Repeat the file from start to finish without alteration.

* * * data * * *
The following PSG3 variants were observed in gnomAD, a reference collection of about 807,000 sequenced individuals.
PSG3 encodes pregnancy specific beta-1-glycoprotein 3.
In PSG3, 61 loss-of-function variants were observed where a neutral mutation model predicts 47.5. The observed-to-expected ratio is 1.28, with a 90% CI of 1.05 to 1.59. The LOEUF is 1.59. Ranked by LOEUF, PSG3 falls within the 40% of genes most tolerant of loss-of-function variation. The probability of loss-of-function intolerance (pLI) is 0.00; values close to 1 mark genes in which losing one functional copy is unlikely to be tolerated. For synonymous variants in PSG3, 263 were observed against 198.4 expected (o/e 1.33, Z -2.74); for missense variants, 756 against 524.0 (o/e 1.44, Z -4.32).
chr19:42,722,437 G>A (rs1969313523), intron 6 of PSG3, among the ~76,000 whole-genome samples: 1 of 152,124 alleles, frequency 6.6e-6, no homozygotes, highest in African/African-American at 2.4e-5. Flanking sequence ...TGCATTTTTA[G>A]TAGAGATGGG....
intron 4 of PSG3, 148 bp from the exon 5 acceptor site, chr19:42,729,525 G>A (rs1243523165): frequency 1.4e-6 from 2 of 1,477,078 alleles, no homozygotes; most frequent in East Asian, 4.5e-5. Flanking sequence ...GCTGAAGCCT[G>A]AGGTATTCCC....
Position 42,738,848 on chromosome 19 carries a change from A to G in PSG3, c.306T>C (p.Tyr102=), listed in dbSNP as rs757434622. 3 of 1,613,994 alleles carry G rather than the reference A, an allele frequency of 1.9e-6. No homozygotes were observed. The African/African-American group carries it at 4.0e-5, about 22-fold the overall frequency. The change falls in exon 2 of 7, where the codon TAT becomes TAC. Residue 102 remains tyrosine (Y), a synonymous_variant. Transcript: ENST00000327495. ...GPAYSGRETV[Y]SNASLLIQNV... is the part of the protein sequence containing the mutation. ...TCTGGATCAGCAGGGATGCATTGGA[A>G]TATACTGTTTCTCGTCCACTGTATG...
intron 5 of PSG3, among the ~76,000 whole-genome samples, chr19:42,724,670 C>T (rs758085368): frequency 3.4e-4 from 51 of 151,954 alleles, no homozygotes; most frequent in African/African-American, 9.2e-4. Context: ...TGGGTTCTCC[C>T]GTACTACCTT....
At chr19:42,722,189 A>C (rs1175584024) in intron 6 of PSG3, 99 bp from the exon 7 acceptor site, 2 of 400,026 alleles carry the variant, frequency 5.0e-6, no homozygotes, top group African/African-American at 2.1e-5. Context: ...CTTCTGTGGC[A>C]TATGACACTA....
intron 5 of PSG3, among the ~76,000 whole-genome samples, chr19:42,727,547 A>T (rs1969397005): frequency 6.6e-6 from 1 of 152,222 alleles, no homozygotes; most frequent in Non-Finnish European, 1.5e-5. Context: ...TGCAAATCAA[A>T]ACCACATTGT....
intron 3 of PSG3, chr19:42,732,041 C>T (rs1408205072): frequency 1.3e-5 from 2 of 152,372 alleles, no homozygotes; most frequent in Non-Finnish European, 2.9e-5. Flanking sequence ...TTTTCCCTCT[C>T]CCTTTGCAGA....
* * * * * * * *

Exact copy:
The following PSG3 variants were observed in gnomAD, a reference collection of about 807,000 sequenced individuals.
PSG3 encodes pregnancy specific beta-1-glycoprotein 3.
In PSG3, 61 loss-of-function variants were observed where a neutral mutation model predicts 47.5. The observed-to-expected ratio is 1.28, with a 90% CI of 1.05 to 1.59. The LOEUF is 1.59. Ranked by LOEUF, PSG3 falls within the 40% of genes most tolerant of loss-of-function variation. The probability of loss-of-function intolerance (pLI) is 0.00; values close to 1 mark genes in which losing one functional copy is unlikely to be tolerated. For synonymous variants in PSG3, 263 were observed against 198.4 expected (o/e 1.33, Z -2.74); for missense variants, 756 against 524.0 (o/e 1.44, Z -4.32).
chr19:42,722,437 G>A (rs1969313523), intron 6 of PSG3, among the ~76,000 whole-genome samples: 1 of 152,124 alleles, frequency 6.6e-6, no homozygotes, highest in African/African-American at 2.4e-5. Flanking sequence ...TGCATTTTTA[G>A]TAGAGATGGG....
intron 4 of PSG3, 148 bp from the exon 5 acceptor site, chr19:42,729,525 G>A (rs1243523165): frequency 1.4e-6 from 2 of 1,477,078 alleles, no homozygotes; most frequent in East Asian, 4.5e-5. Flanking sequence ...GCTGAAGCCT[G>A]AGGTATTCCC....
Position 42,738,848 on chromosome 19 carries a change from A to G in PSG3, c.306T>C (p.Tyr102=), listed in dbSNP as rs757434622. 3 of 1,613,994 alleles carry G rather than the reference A, an allele frequency of 1.9e-6. No homozygotes were observed. The African/African-American group carries it at 4.0e-5, about 22-fold the overall frequency. The change falls in exon 2 of 7, where the codon TAT becomes TAC. Residue 102 remains tyrosine (Y), a synonymous_variant. Transcript: ENST00000327495. ...GPAYSGRETV[Y]SNASLLIQNV... is the part of the protein sequence containing the mutation. ...TCTGGATCAGCAGGGATGCATTGGA[A>G]TATACTGTTTCTCGTCCACTGTATG...
intron 5 of PSG3, among the ~76,000 whole-genome samples, chr19:42,724,670 C>T (rs758085368): frequency 3.4e-4 from 51 of 151,954 alleles, no homozygotes; most frequent in African/African-American, 9.2e-4. Context: ...TGGGTTCTCC[C>T]GTACTACCTT....
At chr19:42,722,189 A>C (rs1175584024) in intron 6 of PSG3, 99 bp from the exon 7 acceptor site, 2 of 400,026 alleles carry the variant, frequency 5.0e-6, no homozygotes, top group African/African-American at 2.1e-5. Context: ...CTTCTGTGGC[A>C]TATGACACTA....
intron 5 of PSG3, among the ~76,000 whole-genome samples, chr19:42,727,547 A>T (rs1969397005): frequency 6.6e-6 from 1 of 152,222 alleles, no homozygotes; most frequent in Non-Finnish European, 1.5e-5. Context: ...TGCAAATCAA[A>T]ACCACATTGT....
intron 3 of PSG3, chr19:42,732,041 C>T (rs1408205072): frequency 1.3e-5 from 2 of 152,372 alleles, no homozygotes; most frequent in Non-Finnish European, 2.9e-5. Flanking sequence ...TTTTCCCTCT[C>T]CCTTTGCAGA....